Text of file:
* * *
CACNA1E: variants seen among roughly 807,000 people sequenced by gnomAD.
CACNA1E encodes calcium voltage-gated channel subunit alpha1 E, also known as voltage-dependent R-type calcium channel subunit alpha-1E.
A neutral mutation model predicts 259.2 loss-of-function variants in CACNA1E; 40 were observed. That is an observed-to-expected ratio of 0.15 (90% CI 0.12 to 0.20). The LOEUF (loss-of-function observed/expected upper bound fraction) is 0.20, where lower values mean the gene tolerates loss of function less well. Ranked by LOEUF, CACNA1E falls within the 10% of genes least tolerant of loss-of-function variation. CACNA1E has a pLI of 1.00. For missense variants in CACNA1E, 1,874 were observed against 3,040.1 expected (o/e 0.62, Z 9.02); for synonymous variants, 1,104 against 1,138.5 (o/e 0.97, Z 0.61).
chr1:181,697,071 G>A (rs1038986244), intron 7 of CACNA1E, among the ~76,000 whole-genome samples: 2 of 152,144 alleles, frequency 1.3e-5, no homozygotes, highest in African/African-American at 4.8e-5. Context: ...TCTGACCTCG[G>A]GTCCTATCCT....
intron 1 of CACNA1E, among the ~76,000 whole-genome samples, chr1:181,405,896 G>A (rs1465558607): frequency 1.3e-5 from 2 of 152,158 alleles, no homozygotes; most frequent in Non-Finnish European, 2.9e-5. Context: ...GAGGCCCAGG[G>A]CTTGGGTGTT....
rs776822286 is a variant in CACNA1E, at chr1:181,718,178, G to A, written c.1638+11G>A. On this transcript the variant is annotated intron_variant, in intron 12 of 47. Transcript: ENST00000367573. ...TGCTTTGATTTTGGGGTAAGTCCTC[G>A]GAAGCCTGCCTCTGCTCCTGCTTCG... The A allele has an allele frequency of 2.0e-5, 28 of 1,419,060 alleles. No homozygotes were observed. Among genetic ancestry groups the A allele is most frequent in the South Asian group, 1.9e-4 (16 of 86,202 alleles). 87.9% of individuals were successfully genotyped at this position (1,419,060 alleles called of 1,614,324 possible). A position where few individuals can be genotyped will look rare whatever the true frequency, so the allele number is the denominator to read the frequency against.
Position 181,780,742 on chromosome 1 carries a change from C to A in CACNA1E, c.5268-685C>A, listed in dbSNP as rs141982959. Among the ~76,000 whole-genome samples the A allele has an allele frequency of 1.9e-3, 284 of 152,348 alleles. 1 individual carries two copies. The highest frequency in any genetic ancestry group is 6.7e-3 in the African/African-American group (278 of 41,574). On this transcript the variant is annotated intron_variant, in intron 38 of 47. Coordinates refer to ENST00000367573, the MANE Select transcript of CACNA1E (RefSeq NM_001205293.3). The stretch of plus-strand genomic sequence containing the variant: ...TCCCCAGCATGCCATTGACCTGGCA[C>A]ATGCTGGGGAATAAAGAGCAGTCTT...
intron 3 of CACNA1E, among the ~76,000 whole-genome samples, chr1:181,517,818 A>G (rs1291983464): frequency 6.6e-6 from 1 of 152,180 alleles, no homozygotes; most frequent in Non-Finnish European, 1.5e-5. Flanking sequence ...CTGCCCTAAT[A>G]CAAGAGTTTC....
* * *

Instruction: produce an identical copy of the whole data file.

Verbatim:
CACNA1E: variants seen among roughly 807,000 people sequenced by gnomAD.
CACNA1E encodes calcium voltage-gated channel subunit alpha1 E, also known as voltage-dependent R-type calcium channel subunit alpha-1E.
A neutral mutation model predicts 259.2 loss-of-function variants in CACNA1E; 40 were observed. That is an observed-to-expected ratio of 0.15 (90% CI 0.12 to 0.20). The LOEUF (loss-of-function observed/expected upper bound fraction) is 0.20, where lower values mean the gene tolerates loss of function less well. Ranked by LOEUF, CACNA1E falls within the 10% of genes least tolerant of loss-of-function variation. CACNA1E has a pLI of 1.00. For missense variants in CACNA1E, 1,874 were observed against 3,040.1 expected (o/e 0.62, Z 9.02); for synonymous variants, 1,104 against 1,138.5 (o/e 0.97, Z 0.61).
chr1:181,697,071 G>A (rs1038986244), intron 7 of CACNA1E, among the ~76,000 whole-genome samples: 2 of 152,144 alleles, frequency 1.3e-5, no homozygotes, highest in African/African-American at 4.8e-5. Context: ...TCTGACCTCG[G>A]GTCCTATCCT....
intron 1 of CACNA1E, among the ~76,000 whole-genome samples, chr1:181,405,896 G>A (rs1465558607): frequency 1.3e-5 from 2 of 152,158 alleles, no homozygotes; most frequent in Non-Finnish European, 2.9e-5. Context: ...GAGGCCCAGG[G>A]CTTGGGTGTT....
rs776822286 is a variant in CACNA1E, at chr1:181,718,178, G to A, written c.1638+11G>A. On this transcript the variant is annotated intron_variant, in intron 12 of 47. Transcript: ENST00000367573. ...TGCTTTGATTTTGGGGTAAGTCCTC[G>A]GAAGCCTGCCTCTGCTCCTGCTTCG... The A allele has an allele frequency of 2.0e-5, 28 of 1,419,060 alleles. No homozygotes were observed. Among genetic ancestry groups the A allele is most frequent in the South Asian group, 1.9e-4 (16 of 86,202 alleles). 87.9% of individuals were successfully genotyped at this position (1,419,060 alleles called of 1,614,324 possible). A position where few individuals can be genotyped will look rare whatever the true frequency, so the allele number is the denominator to read the frequency against.
Position 181,780,742 on chromosome 1 carries a change from C to A in CACNA1E, c.5268-685C>A, listed in dbSNP as rs141982959. Among the ~76,000 whole-genome samples the A allele has an allele frequency of 1.9e-3, 284 of 152,348 alleles. 1 individual carries two copies. The highest frequency in any genetic ancestry group is 6.7e-3 in the African/African-American group (278 of 41,574). On this transcript the variant is annotated intron_variant, in intron 38 of 47. Coordinates refer to ENST00000367573, the MANE Select transcript of CACNA1E (RefSeq NM_001205293.3). The stretch of plus-strand genomic sequence containing the variant: ...TCCCCAGCATGCCATTGACCTGGCA[C>A]ATGCTGGGGAATAAAGAGCAGTCTT...
intron 3 of CACNA1E, among the ~76,000 whole-genome samples, chr1:181,517,818 A>G (rs1291983464): frequency 6.6e-6 from 1 of 152,180 alleles, no homozygotes; most frequent in Non-Finnish European, 1.5e-5. Flanking sequence ...CTGCCCTAAT[A>G]CAAGAGTTTC....